Building a Hacker News Clone in AngularJS – Part 6

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Hi Everybody! Welcome to the final installment of our series on building a Hacker News clone in AngularJS. In this post, we’re going to discuss routing resolves and when we might want to add them to our application. For a quick review, let’s take a look at what we covered in the previous posts:

In Part 1, we covered creating an Angular service to connect to the Hacker News API.
In Part 2, we covered creating a custom Angular directive to display individual stories.
In Part 3, we covered AngularJS pagination with a library developed by Michael Bromley
In Part 4, we covered creating a custom Angular component to display individual comments, using Angular Filters to help out.
In Part 5, we covered displaying threaded comments by using nested components.

In Part 6 of our series, we’re going to be adding routing resolves to our application to make sure that we don’t transition to a story’s show page before we get the story’s data from the Hacker News API.

To do that, we’ll be going through how to create routing resolves to preload data from a service before hitting the controller. There are certain instances where this is more useful than others. Specifically, when we are wary of a promise failing, using resolves can be a better bet as we won’t load a page before we have the data needed to display it properly. If a promise within a routing resolve fails, the page stays in its current state.

In terms of user experience, it really feels much quicker not to use routing resolves if we can avoid it. The reason for this is that, taken to its extreme, the user won’t see anything until all of the data is returned from the API. If we happen to be making hundreds of API calls, we risk wasting a lot of user time.

For this app, we’ve made the majority of our API calls from within the directives and components that are actually displaying the data for each individual story and comment. The affect of adding routing resolves to this application is therefore quite minimal. Even though routing resolves don’t create a noticeable difference in our application, there are some other cases where it might be useful. The main reason to use a routing resolve is when we know that there is certain information which is vital to a particular application state. In this case, it’s better not to change state at all if we don’t get that information from the API.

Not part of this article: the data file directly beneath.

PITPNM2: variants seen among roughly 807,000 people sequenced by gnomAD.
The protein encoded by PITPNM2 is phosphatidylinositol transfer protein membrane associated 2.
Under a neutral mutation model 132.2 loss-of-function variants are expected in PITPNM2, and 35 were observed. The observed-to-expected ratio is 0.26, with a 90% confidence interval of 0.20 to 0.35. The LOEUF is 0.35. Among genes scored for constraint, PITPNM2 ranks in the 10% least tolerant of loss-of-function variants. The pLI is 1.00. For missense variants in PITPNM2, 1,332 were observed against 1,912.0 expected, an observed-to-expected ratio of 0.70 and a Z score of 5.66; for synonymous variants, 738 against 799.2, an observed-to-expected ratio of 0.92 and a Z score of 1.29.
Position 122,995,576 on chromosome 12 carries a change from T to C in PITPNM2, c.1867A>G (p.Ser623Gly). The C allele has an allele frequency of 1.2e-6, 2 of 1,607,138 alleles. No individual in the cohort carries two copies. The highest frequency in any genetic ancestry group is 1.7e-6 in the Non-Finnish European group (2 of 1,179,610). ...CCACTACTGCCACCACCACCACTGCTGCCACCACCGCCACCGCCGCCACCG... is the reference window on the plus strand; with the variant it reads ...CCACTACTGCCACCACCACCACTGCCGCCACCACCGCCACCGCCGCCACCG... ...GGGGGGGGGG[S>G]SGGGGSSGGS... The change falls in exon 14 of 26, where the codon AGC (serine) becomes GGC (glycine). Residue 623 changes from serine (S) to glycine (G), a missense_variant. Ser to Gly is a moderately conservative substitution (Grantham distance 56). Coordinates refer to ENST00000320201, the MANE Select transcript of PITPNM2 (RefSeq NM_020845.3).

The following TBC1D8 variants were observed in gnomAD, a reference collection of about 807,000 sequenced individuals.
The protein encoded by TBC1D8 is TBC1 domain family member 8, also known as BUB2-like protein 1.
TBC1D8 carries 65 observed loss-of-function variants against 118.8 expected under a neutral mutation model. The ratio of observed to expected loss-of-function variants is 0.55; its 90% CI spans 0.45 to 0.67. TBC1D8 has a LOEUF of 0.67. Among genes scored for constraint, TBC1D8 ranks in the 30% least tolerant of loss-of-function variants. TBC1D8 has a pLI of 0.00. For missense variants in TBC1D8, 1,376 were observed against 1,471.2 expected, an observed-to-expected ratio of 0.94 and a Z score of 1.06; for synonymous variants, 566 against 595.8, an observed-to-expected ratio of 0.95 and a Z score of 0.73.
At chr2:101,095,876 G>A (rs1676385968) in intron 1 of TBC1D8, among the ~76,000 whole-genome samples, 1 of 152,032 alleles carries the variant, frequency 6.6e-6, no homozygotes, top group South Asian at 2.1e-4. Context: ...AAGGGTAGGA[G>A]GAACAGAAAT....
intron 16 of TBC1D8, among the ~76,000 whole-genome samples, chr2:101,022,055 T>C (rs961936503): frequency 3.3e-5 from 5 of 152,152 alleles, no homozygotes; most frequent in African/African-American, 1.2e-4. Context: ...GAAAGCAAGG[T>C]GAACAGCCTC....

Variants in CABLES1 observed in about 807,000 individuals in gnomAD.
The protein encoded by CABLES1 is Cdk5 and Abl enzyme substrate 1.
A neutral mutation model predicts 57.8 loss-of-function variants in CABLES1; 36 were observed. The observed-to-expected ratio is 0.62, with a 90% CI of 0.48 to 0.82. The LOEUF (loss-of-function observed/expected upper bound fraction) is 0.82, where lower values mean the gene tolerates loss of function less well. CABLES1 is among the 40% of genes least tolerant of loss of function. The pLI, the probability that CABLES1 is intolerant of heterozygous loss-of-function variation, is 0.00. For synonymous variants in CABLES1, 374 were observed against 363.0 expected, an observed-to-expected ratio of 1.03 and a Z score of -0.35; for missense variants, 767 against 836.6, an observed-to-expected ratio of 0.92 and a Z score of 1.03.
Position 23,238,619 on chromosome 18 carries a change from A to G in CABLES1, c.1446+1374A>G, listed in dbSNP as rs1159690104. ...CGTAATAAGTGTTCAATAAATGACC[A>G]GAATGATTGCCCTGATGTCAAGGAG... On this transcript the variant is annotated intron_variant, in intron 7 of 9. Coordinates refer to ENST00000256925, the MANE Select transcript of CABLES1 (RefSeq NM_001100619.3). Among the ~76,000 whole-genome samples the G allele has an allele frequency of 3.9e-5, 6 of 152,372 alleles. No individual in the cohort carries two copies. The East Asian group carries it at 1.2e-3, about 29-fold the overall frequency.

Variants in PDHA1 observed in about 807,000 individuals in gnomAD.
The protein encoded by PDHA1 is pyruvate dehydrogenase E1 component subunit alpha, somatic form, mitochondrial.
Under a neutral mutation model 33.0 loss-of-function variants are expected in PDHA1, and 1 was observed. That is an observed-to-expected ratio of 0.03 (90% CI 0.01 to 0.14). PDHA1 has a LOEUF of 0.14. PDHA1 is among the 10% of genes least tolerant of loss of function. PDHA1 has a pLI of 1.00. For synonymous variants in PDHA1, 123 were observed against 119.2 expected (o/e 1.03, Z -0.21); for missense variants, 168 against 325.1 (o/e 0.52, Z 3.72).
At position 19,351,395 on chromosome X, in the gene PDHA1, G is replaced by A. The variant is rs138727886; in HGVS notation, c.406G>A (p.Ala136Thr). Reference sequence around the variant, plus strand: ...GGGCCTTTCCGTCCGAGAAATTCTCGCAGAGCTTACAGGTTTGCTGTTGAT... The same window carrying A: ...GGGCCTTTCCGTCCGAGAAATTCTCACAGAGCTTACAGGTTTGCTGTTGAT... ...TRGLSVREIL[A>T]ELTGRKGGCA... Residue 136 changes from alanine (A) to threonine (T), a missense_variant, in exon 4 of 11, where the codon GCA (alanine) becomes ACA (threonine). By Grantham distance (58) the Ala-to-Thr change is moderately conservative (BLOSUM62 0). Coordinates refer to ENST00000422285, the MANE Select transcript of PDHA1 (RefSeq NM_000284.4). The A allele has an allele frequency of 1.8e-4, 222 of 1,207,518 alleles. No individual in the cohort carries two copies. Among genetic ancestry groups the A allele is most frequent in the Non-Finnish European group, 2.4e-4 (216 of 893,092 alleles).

If you do have a use case for preloading data in routing resolves, this post will be a good overview of how you might put them into place.

To add routing resolves to our application, we’ll need to complete the following tasks. We’ll go through how to do each of these tasks in this post:

  1. Adding a resolve property to the configuration object we pass to our state definition within app.js
  2. Defining a property in that resolve object that has a function as a value
  3. Passing necessary dependencies to our function and returning the information we need (in our case TopStoriesService and $stateParams
  4. Including the property (key) we defined in our resolve object within our StoryController as a dependency
  5. Accessing the return values of our routing resolve within our StoryController
  6. Defining properties on our view model object and assigning them the values we received from our routing resolves

Branching Out and Adding our Routing Resolves

In order to really tell the difference made by adding routing resolves, let’s check out a new branch before we start refactoring here:

git add. 
git co -b use-routing-resolves

Now that we’ve got a new branch created, it will be easy to switch back to master to compare the behavior of our app before and after the change. So, let’s get to it! Our first step is to add the resolve property to our state configuration object. We’ll set the value of this property equal to an empty object:

// js/app/app.js
  ...
  .state('post', {
    url: '/post/:id', 
    templateUrl: 'views/story-comments.html', 
    controller: 'StoryController as vm',
    resolve: {
      
    }
  })

Now, within this object we’re passing to our routing resolve, let’s add in another property. This property (or key) will be the name that we use within our StoryController to access the information we need later on. Let’s call this property story and we’ll pass it a function as a value: